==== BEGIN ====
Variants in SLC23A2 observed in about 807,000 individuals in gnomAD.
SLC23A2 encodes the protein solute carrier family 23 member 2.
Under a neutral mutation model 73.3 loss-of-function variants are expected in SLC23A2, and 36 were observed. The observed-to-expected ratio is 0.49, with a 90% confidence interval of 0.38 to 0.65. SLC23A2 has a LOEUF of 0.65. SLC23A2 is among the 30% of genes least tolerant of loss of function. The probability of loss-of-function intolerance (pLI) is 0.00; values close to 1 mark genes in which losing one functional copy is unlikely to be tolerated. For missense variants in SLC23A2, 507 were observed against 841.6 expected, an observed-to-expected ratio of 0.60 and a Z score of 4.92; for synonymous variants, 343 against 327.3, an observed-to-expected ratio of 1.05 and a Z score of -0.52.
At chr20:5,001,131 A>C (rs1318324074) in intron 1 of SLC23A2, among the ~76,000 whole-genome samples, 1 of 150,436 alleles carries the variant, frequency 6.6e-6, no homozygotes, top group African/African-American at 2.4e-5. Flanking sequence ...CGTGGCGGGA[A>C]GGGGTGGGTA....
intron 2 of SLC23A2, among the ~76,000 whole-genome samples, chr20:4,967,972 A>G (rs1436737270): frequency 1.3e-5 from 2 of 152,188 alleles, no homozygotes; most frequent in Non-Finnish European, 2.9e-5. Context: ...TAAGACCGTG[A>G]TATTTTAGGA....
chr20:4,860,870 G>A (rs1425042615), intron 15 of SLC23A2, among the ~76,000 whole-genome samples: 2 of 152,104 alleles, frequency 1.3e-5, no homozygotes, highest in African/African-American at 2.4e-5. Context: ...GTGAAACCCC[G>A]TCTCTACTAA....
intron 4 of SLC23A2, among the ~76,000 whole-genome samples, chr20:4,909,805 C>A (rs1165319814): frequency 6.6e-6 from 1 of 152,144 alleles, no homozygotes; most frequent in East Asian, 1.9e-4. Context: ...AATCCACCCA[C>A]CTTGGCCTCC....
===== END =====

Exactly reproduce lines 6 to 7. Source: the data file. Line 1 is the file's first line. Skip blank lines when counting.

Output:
chr20:4,860,870 G>A (rs1425042615), intron 15 of SLC23A2, among the ~76,000 whole-genome samples: 2 of 152,104 alleles, frequency 1.3e-5, no homozygotes, highest in African/African-American at 2.4e-5. Context: ...GTGAAACCCC[G>A]TCTCTACTAA....
intron 4 of SLC23A2, among the ~76,000 whole-genome samples, chr20:4,909,805 C>A (rs1165319814): frequency 6.6e-6 from 1 of 152,144 alleles, no homozygotes; most frequent in East Asian, 1.9e-4. Context: ...AATCCACCCA[C>A]CTTGGCCTCC....